No doubt this new war will be just as successful as the wars on drugs, poverty, terrorism et cetera.
Mary Leapor English poet and playwright. A kitchen maid and the daughter of a gardener, Leapor produced a substantial body of poetry that was published only after her death. As the achievement of a poet who was both a woman and member of the working class, her writing stands outside the traditional canon of eighteenth-century literature and offers readers a new perspective on British life and ideas during the Augustan age.
Some of the major concerns evident in Leapor's poetry are the injustices suffered by women and the poor, marriage and domestic life, friendship among women, standards of beauty, and male violence and paternalism.
Leapor's poetry was briefly renowned in the years following her death, but she remained an obscure literary figure outside her native Northamptonshire until her rediscovery by feminist critics during the late twentieth century.
Biographical Information Leapor was born in Marston St. Lawrence, Northamptonshire, to working-class parents. The facts of her life are not well known, but she most likely attended the Free School in nearby Brackley, where she lived most of her life.
At some point in her adolescence, Leapor became a kitchen maid. Her first employer, Susanna Jennens, was a woman with an interest in literature who encouraged Leapor's verse writing and is thought to have critiqued her work. After leaving Jennen's employ, Leapor may have worked for several other households.
After being dismissed by her last employer inpossibly because of her practice of writing poetry when she was supposed to be doing housework, Leapor returned to Brackley to keep house for her father. She may have enjoyed some local celebrity as her plays and poems were circulated in manuscript around Brackely.
Around this time, Leapor became friends with Bridget Freemantle, an educated and unmarried woman of some means who lived in nearby Hinton.
Freemantle actively promoted Leapor's writing and attempted to have her play The Unhappy Father produced. Another recurring figure in Leapor's poems is that of Artemisa, who apparently represents a friend belonging to a higher social class, presumably Bridget Freemantle.
A number of Leapor's poems show the influence of Alexander Pope, particularly those works that satirize Pope's condescending attitude toward women.
In addition to her poetry, Leapor wrote a play, The Unhappy Father, which she described as the work she most valued. The drama, which depicts the conflicts within a country-house family, treats a myriad of issues relating to marriage and familial relationships.
Leapor also left an unfinished play about the Saxon king Edwy.
Critical Reception Leapor's two collections were published by subscription, and there were over six hundred subscribers for the first volume of Poems Upon Several Occasions The work was well received, and several poems were reprinted in The Monthly Review.
The second volume, published indid not fare as well, with only half the number of subscribers as the first. Nevertheless, in Leapor's work was included in the anthology Poems by Eminent Ladies. During the nineteenth century, however, Leapor's poems only occasionally appeared in anthologies, and for the most part her reputation was that of an all but forgotten poet.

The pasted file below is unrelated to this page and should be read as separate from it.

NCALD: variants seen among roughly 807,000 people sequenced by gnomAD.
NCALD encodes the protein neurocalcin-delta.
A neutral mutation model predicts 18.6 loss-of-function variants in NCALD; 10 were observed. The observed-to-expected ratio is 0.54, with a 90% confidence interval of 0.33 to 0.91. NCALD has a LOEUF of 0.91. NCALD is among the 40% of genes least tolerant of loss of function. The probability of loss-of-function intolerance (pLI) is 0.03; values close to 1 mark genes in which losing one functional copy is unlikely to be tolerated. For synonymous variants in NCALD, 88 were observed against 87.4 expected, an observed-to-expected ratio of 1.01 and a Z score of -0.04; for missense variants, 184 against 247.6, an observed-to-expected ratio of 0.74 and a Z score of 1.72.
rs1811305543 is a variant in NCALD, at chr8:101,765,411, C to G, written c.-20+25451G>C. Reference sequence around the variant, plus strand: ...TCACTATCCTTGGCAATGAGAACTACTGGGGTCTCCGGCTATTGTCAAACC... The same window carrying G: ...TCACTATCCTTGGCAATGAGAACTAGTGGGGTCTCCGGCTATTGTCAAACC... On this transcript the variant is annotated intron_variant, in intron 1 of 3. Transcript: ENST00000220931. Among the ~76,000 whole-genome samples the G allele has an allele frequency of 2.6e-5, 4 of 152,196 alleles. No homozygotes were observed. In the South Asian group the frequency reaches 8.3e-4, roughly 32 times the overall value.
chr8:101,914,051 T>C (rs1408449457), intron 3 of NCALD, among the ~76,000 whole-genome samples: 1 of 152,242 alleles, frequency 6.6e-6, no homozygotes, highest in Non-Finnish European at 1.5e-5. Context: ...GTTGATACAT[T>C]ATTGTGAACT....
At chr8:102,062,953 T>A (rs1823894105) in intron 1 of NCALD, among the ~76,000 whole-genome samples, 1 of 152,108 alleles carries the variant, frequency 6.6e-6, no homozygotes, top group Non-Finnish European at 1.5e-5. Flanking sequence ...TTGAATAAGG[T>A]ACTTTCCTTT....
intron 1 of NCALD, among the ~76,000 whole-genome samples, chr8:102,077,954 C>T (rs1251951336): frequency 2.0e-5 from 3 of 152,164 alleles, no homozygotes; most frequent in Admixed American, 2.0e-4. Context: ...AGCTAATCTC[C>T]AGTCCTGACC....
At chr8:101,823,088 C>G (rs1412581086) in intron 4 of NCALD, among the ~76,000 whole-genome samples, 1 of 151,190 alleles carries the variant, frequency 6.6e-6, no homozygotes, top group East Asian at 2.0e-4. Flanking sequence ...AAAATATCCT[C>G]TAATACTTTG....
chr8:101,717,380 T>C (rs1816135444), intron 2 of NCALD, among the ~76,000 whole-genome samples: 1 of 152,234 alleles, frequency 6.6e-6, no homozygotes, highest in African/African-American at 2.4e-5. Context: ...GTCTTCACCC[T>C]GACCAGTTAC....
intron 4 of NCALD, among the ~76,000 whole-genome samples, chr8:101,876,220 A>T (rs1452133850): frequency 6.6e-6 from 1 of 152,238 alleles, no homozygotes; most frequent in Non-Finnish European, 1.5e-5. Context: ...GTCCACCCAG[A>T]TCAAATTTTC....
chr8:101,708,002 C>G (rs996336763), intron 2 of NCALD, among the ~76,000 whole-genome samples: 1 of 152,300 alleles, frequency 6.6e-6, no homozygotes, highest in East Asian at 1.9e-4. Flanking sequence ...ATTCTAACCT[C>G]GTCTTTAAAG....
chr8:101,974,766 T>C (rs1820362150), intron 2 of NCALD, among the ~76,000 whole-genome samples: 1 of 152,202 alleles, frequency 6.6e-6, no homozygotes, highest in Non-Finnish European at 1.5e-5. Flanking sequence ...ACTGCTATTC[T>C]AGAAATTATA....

In the early twentieth century, there were isolated expressions of interest in her work, first with Edmund Blunden's biographical and critical essay on Leapor, then later with her inclusion in a handful of anthologies of eighteenth-century verse.
It was not until the s and s, with the proliferation of feminist criticism, that Leapor began to receive serious critical attention.
Scholars have been particularly interested in the alternative perspective she represented as a working-class woman among eighteenth-century writers. Furthermore, Leapor's work is admired for its forceful language, range of feeling, individual tone of voice, and poetic subtlety.Order essay about woman by mary leapor written by degree holding writers at our professional.
Mary leapor an essay on women analysis. The Realm of Sisterhood in Mary Leapor’s Poetry For a woman writer to be read by her peers in eighteenth century England was somewhat unusual.
For this woman to procure some kind of living from her writing was even more remarkable. Read Full Essay. Click the button above to view the complete essay, speech, term paper, or research paper.
Mary Leapor English poet and playwright. A kitchen maid and the daughter of a gardener, Leapor produced a substantial body of poetry that was published only after her death. Mary Leapor was born in a working-class family and during her short life – she died at 24 Her An essay on woman, in which a feminine creature, half skeleton and half flesh, represents women as a whole, is regarded as one of early examples of feminist poetry.
Mary Leapor (–) was an English poet, born in Marston St. Lawrence, Northamptonshire, the only child of Anne Sharman (died ) and Philip Leapor (–), a gardener.
She is notable for being one of the most critically well-received of the numerous labouring-class writers of the period. Essay on Woman by mary leapor. The main text-books will be the, norton Anthology of English Literature volume 1 focusing on the writers and works listed, as preparation for class.
The, norton Anthology will provide the full text of the works we study. September 3 week 1, old English Literature. Reading: The middle Ages pages 1 -.